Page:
Out of the 17 total large agencies, the Department of Homeland Security ranked last with an engagement score of 61.1. Of the department’s components, the United States Coast Guard is ranked 107 out of 411 of the total federal sub-departments with a score of 77.1 as the best federal workspace in DHS.
More than a third of Black-owned land in the South is passed down informally, rather than through deeds and wills, according to land use experts. It’s a custom that dates to the Jim Crow era, when Black people were excluded from the Southern legal system. When land is handed down like this, it becomes heirs’ property, a form of ownership in which families hold property collectively, without clear title.
People believed this protected their land, but the Department of Agriculture has found that heirs’ property is “the leading cause of Black involuntary land loss.” Without formal deeds, families are cut off from federal loans and grants, including from FEMA, which requires that disaster survivors prove they own their property before they can get help rebuilding.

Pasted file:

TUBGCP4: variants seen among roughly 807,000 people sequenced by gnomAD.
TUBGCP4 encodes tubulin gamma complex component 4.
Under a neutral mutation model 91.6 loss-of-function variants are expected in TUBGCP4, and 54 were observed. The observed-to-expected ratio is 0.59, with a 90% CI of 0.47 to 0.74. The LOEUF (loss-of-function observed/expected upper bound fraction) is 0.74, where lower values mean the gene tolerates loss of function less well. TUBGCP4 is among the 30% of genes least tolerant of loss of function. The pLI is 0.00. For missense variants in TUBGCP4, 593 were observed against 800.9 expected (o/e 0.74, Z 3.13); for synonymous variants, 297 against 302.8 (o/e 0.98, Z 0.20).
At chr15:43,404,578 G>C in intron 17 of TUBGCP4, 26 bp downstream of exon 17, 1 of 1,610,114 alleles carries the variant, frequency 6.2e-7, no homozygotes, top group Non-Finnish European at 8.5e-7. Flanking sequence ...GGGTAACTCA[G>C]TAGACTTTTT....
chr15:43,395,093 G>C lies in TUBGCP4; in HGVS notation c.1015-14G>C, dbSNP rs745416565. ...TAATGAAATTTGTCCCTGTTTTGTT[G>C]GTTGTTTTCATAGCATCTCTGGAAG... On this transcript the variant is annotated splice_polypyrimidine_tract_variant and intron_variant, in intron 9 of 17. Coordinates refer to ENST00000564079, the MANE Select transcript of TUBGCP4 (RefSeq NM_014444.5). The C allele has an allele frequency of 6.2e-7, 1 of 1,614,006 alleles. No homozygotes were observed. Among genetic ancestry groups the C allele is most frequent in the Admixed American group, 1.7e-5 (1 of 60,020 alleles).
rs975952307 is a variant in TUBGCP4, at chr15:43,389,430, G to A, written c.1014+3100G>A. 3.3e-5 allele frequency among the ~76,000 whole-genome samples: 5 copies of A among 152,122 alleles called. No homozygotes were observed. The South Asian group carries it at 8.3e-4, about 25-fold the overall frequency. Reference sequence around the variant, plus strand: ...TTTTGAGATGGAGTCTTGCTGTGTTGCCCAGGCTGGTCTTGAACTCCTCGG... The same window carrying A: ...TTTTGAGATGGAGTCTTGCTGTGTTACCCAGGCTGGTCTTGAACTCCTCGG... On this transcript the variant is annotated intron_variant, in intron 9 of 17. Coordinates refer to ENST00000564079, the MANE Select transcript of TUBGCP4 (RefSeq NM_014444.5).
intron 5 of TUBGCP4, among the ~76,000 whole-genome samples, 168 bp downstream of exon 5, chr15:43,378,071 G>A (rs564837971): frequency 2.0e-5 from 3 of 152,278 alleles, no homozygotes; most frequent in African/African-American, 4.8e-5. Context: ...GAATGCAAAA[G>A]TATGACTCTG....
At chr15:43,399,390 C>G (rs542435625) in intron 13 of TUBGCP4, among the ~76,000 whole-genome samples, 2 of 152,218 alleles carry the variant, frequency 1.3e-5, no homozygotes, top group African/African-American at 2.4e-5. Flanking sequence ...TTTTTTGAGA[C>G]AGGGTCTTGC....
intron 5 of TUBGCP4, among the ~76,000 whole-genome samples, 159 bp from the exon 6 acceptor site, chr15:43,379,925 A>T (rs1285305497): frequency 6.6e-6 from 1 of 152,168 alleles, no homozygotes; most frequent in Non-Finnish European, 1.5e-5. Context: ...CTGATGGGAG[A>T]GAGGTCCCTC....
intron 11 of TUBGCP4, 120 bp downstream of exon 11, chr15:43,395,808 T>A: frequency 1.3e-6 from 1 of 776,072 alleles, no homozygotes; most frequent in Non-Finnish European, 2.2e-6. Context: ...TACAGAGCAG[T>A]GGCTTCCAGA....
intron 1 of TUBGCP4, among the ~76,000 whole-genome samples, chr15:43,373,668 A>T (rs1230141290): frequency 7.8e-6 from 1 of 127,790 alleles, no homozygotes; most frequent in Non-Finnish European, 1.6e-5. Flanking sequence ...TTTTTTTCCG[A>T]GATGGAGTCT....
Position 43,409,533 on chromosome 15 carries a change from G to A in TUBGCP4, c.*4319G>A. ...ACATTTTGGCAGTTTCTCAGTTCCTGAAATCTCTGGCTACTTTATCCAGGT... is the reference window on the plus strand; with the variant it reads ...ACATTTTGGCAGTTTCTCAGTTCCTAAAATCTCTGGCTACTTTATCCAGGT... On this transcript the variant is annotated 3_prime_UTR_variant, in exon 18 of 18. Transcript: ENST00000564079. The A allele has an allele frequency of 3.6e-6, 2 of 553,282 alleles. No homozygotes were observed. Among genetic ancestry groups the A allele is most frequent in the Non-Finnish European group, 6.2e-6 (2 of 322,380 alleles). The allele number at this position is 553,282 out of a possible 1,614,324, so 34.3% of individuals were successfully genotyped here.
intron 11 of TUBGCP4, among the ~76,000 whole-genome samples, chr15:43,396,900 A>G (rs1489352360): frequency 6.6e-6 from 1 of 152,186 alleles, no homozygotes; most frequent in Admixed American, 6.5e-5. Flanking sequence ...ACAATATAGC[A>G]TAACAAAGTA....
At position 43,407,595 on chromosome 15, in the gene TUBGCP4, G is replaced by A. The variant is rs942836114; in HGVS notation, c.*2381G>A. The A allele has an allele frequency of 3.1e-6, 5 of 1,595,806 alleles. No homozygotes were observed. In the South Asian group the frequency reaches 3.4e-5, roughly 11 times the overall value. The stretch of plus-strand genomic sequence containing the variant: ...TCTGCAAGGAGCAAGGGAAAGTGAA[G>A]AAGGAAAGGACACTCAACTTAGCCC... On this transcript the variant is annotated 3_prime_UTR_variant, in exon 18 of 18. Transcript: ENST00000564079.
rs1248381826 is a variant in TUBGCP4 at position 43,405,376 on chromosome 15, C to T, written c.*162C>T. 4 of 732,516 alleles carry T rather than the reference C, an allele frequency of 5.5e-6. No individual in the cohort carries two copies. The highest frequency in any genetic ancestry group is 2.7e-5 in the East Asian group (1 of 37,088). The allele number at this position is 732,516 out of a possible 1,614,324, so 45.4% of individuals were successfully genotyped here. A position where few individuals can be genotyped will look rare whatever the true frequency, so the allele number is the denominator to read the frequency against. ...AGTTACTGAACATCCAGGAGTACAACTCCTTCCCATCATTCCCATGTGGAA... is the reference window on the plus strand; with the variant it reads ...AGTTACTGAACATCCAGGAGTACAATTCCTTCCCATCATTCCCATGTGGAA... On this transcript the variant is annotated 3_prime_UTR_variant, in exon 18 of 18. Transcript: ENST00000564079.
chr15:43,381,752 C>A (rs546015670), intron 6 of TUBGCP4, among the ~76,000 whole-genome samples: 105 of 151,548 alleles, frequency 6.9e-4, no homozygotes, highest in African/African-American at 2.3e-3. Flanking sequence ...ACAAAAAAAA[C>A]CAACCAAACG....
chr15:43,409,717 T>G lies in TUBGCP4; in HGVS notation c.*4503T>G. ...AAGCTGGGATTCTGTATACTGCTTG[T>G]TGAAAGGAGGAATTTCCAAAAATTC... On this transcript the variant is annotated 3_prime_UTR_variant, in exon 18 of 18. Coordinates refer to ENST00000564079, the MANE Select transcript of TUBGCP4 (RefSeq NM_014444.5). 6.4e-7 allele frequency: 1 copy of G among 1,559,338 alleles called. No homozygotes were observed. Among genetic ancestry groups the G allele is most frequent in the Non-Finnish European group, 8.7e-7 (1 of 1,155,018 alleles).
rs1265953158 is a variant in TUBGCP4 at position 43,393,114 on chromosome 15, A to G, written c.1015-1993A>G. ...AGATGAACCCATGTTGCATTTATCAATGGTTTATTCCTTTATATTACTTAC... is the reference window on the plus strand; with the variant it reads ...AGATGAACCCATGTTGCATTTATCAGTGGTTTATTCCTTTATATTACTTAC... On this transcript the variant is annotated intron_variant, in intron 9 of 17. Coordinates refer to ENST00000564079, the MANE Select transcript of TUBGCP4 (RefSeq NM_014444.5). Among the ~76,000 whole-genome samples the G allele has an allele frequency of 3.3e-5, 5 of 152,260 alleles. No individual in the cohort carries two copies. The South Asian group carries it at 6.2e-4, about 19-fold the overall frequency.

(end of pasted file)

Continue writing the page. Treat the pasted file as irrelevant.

HSToday is proud to present a multi-part series from Emmy award winning director Christopher Allan Smith, a survivor of the Camp Fire in Paradise, California, and documentary filmmaker. Following the fire, Smith took his talents and devoted them to helping others learn from the tragedy on the Paradise Ridge, and the impact of disaster on families, communities and the first responders and disaster planners whose responsibility it is to take these lessons into the future. This series, Lessons Learned from the Camp Fire, describes how preparedness plays out in reality: from running for your life away from the danger to emergency finances to the aftermath, told only like a survivor could share. HSToday presents this series to bring a voice to the victims of disaster and add some personal texture and experience to the impact of disasters, terrorism, and other tragic acts of violence.